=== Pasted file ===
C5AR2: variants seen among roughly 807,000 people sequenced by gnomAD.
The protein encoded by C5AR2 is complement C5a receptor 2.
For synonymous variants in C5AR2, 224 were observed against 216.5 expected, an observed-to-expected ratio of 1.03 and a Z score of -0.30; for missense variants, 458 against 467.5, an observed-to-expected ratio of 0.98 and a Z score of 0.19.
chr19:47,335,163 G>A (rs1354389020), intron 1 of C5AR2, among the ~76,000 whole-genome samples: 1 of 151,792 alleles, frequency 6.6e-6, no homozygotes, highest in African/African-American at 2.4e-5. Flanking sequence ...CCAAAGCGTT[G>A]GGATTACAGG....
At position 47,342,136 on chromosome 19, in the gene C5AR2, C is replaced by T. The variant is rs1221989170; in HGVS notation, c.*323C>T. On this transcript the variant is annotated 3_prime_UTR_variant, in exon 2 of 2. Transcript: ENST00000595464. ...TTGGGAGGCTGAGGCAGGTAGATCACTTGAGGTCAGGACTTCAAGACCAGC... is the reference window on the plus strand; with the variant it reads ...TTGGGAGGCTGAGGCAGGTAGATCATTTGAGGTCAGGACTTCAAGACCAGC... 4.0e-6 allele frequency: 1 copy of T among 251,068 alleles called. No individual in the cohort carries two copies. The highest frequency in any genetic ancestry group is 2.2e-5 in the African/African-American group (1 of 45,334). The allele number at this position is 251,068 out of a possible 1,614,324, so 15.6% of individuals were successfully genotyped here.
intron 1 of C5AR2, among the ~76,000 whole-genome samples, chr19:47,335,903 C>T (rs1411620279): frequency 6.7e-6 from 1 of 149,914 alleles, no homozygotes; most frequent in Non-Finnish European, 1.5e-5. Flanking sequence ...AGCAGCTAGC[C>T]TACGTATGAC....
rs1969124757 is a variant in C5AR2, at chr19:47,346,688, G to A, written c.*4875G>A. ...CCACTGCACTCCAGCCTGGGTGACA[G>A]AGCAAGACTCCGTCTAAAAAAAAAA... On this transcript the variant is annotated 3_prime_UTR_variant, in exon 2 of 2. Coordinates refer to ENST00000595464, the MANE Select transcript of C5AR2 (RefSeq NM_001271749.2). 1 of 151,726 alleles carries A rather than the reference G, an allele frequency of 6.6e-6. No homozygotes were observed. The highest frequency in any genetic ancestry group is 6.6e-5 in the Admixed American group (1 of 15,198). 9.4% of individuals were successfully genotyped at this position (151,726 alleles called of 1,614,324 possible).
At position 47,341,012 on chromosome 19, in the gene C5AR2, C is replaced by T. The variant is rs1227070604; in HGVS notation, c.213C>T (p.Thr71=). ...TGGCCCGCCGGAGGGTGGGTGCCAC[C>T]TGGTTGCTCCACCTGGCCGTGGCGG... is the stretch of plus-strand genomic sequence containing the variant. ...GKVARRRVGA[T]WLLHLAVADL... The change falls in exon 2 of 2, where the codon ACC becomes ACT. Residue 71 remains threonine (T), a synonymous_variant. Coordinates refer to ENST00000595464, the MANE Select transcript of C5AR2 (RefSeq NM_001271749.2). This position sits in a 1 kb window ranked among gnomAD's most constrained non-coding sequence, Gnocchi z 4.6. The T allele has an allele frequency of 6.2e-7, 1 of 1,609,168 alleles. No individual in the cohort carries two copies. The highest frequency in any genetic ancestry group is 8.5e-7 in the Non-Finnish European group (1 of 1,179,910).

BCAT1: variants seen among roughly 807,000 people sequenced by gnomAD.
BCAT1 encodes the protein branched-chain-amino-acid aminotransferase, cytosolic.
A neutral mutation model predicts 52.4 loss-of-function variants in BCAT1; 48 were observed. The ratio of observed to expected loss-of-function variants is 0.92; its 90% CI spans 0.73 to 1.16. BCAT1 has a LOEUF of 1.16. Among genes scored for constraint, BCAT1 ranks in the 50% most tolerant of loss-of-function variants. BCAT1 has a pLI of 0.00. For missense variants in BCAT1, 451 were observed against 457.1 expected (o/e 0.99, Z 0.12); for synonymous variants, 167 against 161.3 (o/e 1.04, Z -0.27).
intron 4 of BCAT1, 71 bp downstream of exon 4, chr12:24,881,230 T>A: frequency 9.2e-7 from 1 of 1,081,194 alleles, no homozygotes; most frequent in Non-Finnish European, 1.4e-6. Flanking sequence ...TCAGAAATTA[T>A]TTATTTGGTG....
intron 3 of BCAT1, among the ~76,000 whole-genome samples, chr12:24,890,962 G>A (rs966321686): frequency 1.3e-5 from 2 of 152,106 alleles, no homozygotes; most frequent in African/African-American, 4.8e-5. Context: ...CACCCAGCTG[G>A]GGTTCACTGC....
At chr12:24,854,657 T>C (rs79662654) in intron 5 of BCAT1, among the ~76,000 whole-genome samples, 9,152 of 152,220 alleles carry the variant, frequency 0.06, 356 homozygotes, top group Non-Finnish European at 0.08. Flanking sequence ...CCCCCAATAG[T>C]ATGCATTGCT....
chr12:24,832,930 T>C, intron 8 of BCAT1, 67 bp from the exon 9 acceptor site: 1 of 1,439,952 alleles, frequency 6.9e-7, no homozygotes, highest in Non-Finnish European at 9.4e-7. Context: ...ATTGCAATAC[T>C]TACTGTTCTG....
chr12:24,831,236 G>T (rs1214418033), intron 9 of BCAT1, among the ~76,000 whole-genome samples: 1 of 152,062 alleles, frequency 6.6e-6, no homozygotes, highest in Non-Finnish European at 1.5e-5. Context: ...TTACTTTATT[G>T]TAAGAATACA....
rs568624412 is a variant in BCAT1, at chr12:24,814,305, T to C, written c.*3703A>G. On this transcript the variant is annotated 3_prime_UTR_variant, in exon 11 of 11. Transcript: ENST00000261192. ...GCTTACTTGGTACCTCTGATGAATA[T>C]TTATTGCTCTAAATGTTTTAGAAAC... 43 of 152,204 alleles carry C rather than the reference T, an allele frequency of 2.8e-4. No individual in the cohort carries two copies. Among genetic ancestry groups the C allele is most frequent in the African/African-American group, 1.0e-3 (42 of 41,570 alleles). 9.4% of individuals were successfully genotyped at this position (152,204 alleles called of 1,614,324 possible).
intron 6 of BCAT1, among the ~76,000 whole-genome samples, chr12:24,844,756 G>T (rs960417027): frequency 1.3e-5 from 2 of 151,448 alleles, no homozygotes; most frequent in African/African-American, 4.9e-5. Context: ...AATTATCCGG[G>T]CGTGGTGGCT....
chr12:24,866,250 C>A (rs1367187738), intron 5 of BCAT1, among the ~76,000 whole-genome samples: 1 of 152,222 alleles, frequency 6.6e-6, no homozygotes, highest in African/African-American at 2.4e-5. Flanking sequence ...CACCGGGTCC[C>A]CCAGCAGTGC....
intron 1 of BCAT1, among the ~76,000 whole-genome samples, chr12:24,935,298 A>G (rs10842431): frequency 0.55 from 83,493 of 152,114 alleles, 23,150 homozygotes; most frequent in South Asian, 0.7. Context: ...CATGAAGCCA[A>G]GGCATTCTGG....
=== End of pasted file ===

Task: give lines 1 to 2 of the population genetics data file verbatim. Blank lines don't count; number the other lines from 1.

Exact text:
C5AR2: variants seen among roughly 807,000 people sequenced by gnomAD.
The protein encoded by C5AR2 is complement C5a receptor 2.